Pivotal Spinoff SnappyData Scores $3.65 Million to Staff Up
General Electric (GE), it should be noted, also owns a stake in Pivotal, so this looks like a case of keeping a bunch of intellectual property in the family.
The startup aims to speed up the the process of getting to the right questions to ask big data sets.
SnappyData claims to provide a set of resources, including a computing cluster and what it calls “approximate query processing” (AQP) that asks questions of a subset of overall data and from that get to the right answer.
The underlying foundation of the product is the open-source Spark framework, which enables batch processing of lots of data, and Gemfire, an in-memory database that Pivotal open-sourced last year. (Open-source software is freely available to download so developers can work with it, tweak it, and contribute improvements to it over time.) But SnappyData’s secret sauce, and what people will ostensibly pay for, is the AQP query processing piece.
To do the sort of data-winnowing jobs that SnappyData targets, most companies now have to move their data into the Hadoop Distributed File System (HDFS), which distributes it across machines in a cluster, then load it into Spark for processing, then move the results into an external database for further massaging.
The advantage of SnappyData is that it eliminates a lot of those steps, company chief operating officer Sudhir Menon told Fortune. Being able to stream the data, run transactions on it and analyze it in a single cluster saves a lot of that schlepping.
“We let you do more with the cluster size you have and you no longer need to manage one product for streaming, another for machine learning, a third for transactions, and yet another for analytics,” he said.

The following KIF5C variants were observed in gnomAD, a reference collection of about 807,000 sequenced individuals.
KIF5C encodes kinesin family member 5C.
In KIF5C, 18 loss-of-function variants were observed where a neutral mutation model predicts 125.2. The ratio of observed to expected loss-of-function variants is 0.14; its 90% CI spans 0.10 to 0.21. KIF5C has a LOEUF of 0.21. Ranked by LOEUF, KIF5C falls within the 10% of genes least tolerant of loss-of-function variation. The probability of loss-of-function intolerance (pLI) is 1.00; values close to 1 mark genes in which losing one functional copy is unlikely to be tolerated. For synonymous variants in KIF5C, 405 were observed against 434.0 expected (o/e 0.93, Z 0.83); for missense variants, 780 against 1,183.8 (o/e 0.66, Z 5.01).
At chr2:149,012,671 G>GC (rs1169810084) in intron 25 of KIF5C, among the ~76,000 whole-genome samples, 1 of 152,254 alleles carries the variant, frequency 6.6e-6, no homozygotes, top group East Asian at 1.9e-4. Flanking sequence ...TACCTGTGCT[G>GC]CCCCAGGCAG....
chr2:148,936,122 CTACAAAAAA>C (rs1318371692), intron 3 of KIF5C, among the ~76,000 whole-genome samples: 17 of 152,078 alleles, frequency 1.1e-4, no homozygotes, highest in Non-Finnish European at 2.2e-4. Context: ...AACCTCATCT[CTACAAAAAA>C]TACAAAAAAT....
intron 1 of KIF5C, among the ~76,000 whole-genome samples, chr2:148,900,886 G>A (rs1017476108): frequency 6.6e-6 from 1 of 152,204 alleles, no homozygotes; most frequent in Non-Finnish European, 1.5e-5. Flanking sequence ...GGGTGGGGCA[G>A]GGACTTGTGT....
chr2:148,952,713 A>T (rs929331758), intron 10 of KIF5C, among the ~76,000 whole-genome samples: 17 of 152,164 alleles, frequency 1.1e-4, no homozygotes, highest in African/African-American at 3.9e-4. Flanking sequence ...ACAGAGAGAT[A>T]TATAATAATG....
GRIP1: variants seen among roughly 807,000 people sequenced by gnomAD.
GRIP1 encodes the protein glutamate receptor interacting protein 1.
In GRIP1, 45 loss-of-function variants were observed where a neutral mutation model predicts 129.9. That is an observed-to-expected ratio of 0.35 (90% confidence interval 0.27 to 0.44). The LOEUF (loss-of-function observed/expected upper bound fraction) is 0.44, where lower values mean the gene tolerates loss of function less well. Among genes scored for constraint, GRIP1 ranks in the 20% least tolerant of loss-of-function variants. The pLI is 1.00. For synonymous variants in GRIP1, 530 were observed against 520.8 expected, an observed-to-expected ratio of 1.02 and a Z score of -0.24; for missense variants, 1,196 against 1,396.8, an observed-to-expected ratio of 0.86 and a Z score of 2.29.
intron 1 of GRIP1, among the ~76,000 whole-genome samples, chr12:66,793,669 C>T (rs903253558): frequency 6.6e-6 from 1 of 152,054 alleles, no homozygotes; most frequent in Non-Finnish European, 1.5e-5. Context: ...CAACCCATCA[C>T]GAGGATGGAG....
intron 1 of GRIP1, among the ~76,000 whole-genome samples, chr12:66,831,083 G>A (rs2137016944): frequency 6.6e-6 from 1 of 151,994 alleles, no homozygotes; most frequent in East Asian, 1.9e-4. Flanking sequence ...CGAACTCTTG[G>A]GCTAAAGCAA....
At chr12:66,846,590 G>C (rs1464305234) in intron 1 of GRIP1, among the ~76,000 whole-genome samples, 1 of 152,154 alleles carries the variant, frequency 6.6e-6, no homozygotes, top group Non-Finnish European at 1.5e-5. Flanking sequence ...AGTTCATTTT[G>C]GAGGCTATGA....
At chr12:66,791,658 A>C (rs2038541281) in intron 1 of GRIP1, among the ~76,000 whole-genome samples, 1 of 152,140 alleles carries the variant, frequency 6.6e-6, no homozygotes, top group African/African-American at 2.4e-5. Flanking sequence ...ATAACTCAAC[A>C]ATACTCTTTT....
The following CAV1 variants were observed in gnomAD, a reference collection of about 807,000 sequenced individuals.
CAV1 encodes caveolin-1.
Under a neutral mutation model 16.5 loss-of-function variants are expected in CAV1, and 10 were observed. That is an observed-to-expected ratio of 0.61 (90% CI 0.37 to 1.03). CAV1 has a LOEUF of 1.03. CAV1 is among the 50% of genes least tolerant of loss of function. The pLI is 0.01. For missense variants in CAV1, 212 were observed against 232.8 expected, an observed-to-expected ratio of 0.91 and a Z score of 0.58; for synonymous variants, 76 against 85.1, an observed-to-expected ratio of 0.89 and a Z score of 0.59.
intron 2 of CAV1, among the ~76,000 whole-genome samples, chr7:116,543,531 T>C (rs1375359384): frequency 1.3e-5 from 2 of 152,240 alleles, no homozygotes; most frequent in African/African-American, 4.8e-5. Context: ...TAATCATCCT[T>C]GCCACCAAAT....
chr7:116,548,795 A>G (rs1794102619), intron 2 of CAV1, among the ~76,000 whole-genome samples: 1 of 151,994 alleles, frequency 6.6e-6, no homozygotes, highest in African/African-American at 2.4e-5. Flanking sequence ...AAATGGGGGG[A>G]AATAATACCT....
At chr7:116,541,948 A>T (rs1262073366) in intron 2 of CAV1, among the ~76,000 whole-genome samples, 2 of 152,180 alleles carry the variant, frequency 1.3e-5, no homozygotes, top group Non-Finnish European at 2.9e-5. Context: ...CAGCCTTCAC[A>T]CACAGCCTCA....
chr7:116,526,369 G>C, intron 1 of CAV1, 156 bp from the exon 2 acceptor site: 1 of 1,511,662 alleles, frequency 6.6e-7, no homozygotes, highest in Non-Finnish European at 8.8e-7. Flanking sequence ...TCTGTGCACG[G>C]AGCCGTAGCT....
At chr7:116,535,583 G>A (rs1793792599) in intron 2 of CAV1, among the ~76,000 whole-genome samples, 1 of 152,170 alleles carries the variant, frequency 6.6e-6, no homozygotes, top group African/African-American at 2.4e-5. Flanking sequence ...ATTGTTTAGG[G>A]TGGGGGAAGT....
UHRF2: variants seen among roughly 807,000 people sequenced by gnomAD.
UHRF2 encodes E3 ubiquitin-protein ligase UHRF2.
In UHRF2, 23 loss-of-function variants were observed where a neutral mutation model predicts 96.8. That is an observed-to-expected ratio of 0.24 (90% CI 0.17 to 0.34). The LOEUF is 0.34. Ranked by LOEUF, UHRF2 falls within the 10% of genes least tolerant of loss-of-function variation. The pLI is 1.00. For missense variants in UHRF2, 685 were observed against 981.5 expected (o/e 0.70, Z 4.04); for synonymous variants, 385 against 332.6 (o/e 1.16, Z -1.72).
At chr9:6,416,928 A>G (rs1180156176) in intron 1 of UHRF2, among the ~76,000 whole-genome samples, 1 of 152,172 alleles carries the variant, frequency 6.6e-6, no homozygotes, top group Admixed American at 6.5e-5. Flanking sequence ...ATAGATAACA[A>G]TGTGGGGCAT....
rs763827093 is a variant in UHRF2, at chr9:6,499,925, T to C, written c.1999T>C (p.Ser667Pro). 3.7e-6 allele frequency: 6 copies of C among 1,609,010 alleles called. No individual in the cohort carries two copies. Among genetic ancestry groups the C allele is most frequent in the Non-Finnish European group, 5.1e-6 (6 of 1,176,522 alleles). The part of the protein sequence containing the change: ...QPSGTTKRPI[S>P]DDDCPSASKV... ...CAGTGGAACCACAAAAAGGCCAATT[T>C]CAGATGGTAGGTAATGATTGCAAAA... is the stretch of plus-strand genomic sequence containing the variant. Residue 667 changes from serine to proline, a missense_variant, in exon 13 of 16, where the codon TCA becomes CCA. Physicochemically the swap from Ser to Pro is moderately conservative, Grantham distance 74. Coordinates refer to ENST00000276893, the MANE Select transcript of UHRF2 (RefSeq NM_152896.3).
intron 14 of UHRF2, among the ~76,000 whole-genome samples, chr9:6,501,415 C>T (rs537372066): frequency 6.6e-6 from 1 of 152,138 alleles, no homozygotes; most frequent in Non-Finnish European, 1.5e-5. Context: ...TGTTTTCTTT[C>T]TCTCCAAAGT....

The resulting product runs on cheap commodity hardware—table stakes in this game—and it can run in a company’s own server rooms or on Amazon (AMZN) Web Services or Microsoft (MSFT) Azure public clouds.
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Big target markets include financial services companies needing to run a lot of risk management scenarios, and companies trying to capitalize on the Internet of things applications where lots of data streams in from diverse sources and companies need systems to interact and react to that data in real time, Menon said.
These sound like big applications, so why did Pivotal spin out? Menon said it’s a matter of maintaining focus, both for SnappyData and Pivotal, which is backing a commercial version of Cloud Foundry software development tools. And, he said Pivotal executive chairman Paul Maritz and other leadership felt the real-time data analytics piece needed its own focus. Hence SnappyData.
Given that Pivotal’s parent companies EMC (EMC) and VMware (VMW) are in the process of being acquired by Dell, there is probably plenty of distraction around so focus is good.
For more on the Dell-EMC deal, watch:
The new money will fund hiring in both engineering and sales. Headcount is now about 30 people. A preview of the software came out in January and the company is shooting for a broader release in April or May and a full product due in the third quarter.